Toady, the Pampered Toad
The Misery of Captivity
Last week, my daughter's frog died. We conducted a little funeral and buried his body at Hahamonga Watershed Park where I had found the frog. It is a natural watershed park located before JPL in La Canada, California. Here, the frog had lived amoungst oodles of brothers and sisters, cousins and aunts near a big pond. They were surrrounded by everything they could possibly want: mud, bugs, grasses and weeds, crevices for hiding, blue sky and rain ... until the summer months. It was July when I picked up the tiny froglet and put it in my pocket while walking my dogs on one of the many horse trails. I brought the frog to my daughter because she was babysitting children at the time and I thought she could show it to them. She brought it to the children's house and they enjoyed watching it swim in their small pool in the front yard. She ended up keeping the frog for about four years in a terrarium. It lived a long life in captivity! She took very good care of it. it was a very pampered frog. She claimed it was a toad; a California toad. She had named it Toady.
However, I will never remove a wild creature from nature again. Toady should have been free, free as a toad. Later, I realized that the toads of JPL survive throughout the summer months by living in deep crevices which form in the muddy banks of the shrinking pond. I regret that I took Toady out of the wild. Often, I looked after him when my daughter and her husband went out of town. Naturally, I felt sorry for Toady being cooped up in a glass terrarium, so I would fill the bathroom tub with just enough water to let him practice his frog kick. He would have a great time doing laps in the tub. When I put him back in his terrarium, he seemed invigorated by the exercise and he hopped about with renewed liveliness.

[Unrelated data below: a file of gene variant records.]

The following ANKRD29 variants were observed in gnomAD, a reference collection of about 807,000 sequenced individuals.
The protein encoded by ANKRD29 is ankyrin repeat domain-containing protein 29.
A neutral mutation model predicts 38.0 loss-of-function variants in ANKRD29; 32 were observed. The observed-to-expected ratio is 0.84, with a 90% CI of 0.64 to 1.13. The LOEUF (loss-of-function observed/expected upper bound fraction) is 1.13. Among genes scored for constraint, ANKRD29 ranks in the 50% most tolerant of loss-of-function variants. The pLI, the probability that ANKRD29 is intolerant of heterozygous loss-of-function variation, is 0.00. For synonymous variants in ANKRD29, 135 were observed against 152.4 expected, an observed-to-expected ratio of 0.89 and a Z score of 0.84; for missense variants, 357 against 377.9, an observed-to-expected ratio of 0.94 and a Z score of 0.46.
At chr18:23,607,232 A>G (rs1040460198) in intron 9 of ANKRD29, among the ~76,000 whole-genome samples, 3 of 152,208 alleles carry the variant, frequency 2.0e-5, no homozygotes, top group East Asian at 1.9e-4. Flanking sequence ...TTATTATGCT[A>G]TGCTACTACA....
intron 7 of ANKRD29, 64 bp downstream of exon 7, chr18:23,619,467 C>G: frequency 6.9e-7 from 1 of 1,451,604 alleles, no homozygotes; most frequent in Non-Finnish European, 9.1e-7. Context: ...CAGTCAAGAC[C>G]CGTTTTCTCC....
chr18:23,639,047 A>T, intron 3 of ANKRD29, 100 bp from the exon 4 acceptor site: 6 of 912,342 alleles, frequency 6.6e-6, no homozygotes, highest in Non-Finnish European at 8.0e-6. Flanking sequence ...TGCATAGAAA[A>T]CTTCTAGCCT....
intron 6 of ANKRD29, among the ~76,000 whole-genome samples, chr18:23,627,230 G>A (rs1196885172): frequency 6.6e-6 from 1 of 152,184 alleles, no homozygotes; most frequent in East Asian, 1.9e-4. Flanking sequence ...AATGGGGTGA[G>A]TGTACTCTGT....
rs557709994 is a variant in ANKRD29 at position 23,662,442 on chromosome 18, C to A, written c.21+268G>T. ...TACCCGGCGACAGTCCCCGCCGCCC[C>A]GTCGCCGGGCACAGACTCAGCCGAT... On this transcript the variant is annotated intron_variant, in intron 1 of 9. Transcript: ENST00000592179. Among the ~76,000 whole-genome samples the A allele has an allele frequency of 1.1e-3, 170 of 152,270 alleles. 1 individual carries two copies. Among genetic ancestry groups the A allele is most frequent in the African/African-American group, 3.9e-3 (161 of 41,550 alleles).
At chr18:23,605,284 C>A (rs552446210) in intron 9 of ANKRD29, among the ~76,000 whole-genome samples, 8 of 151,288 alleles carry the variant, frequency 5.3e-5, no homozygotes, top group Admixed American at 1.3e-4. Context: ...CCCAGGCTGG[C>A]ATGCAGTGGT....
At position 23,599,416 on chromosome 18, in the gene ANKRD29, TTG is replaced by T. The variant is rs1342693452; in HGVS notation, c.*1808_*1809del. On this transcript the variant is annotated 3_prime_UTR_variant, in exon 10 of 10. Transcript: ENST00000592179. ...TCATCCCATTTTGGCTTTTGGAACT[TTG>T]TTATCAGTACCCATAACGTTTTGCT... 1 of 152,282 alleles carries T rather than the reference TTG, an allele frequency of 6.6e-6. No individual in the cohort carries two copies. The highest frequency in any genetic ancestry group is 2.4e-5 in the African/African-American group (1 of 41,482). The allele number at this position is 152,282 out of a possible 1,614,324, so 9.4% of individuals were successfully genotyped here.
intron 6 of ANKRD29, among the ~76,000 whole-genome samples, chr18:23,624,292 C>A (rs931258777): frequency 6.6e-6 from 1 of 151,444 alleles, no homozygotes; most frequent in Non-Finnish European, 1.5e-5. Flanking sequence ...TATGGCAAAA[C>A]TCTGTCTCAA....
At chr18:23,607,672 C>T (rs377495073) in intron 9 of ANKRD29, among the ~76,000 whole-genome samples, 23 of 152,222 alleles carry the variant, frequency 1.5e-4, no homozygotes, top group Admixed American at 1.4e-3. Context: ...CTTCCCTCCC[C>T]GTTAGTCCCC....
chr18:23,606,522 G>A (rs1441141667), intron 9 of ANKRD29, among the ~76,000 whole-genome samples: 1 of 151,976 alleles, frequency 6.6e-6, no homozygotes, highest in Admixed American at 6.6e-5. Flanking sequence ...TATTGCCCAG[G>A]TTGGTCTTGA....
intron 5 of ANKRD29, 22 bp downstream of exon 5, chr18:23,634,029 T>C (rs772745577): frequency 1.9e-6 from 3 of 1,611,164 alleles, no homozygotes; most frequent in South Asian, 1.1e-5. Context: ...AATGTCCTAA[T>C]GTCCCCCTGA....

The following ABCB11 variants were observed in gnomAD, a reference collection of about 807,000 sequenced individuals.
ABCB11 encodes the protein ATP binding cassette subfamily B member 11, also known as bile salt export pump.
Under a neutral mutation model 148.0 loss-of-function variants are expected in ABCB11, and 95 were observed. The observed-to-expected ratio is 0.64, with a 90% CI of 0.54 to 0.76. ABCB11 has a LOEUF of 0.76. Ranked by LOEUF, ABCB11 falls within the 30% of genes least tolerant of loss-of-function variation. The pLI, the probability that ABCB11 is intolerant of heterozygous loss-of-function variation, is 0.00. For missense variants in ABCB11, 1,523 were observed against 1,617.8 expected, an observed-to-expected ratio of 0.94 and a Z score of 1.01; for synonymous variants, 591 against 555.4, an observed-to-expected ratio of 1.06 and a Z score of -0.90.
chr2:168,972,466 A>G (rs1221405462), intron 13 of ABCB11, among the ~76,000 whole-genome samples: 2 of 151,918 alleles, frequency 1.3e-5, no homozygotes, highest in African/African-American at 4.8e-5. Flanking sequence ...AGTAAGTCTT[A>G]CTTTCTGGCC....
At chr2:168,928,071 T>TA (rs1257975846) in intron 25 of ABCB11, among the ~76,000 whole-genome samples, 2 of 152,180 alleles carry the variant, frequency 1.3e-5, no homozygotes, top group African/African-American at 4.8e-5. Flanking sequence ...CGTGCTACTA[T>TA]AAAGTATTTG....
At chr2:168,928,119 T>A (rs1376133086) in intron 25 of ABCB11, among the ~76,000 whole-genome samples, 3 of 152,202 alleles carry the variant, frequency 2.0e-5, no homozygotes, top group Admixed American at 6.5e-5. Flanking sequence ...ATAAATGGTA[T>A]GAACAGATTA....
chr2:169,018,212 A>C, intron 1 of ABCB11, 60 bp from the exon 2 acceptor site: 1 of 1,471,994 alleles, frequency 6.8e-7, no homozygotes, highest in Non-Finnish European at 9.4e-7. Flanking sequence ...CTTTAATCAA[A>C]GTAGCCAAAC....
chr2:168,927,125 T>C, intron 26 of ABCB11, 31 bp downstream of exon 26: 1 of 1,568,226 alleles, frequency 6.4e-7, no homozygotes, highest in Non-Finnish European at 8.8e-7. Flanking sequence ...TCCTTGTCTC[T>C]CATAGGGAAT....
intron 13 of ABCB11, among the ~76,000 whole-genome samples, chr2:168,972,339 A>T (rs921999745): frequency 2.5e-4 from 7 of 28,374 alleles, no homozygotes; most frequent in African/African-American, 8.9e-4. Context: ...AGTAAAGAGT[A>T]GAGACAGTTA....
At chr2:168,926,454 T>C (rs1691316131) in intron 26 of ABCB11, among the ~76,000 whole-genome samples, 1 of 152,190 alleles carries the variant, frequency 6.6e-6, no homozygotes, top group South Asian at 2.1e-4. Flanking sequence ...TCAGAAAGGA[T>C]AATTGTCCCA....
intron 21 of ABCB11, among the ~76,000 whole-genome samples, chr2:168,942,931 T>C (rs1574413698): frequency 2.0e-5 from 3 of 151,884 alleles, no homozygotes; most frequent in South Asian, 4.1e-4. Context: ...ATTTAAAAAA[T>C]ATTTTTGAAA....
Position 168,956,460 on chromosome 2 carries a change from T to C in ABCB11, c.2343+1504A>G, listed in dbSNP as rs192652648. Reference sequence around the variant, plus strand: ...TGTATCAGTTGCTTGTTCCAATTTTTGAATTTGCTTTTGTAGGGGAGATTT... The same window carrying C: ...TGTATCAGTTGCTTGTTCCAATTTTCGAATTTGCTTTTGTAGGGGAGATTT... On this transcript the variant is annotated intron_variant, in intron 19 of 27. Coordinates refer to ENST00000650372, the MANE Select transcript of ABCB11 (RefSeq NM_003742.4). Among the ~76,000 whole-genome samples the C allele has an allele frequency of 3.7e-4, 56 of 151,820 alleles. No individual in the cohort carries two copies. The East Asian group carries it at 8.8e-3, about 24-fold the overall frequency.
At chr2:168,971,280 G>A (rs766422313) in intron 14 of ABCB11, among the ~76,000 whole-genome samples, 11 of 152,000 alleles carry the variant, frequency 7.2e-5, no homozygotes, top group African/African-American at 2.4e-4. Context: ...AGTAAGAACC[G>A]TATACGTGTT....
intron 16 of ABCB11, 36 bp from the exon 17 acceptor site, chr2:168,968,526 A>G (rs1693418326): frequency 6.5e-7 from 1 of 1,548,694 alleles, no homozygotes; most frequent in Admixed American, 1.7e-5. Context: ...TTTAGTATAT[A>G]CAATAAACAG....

Ordinarily, he was content to hide under a little bridge until a worm or two was placed nearby. Only then, would he muster up enough energy to locate the worm, nab it with his long tongue, and then return to his habitual resting spot beneath the bridge. It seemed he was quite comfortable and indifferent to his surroundings … that is, until he went for a swim!
After being placed back into the terrarium, he would use his renewed strength and energy to try to escape! He would push his nose against the glass with all his might for at least ten minutes. But then he would give up and surrender to his fate by turning himself upside down onto his back and try, I am quite certain, to commit suicide. This behavior occurred every time I put him back in terrarium. About twenty minutes later when I checked on him there he would be once again, on his back, the color blue and almost dead. Luckily, as soon as I placed him onto his stomach, his color would return and he would crawl miserably back to his spot under the bridge. The first time it happened, I had placed him, (stomach down,) in a match-box coffin. After detecting movement in the box, I peered into it and was pleasantly surprised to see that he had turned back to his usual greenish-brown color, which of course meant that he was breathing once again.
I truly believe he purposefully turned himself over onto his back. I reasoned that he had tasted freedom and just couldn't handle the confines of the terrarium any longer. It happened so consistently, I couldn't believe it was coincidence. My daughter never believed that the toad would purposefully turn himself over with the intent of killing himself in misery, suffering in his confinement. As far as she was concerned, he was snug as a bug in a rug.
But last week she saw it for herself. She found him on his back, the color blue … Finally, he had escaped ... to Toad Heaven.
The Way I See It.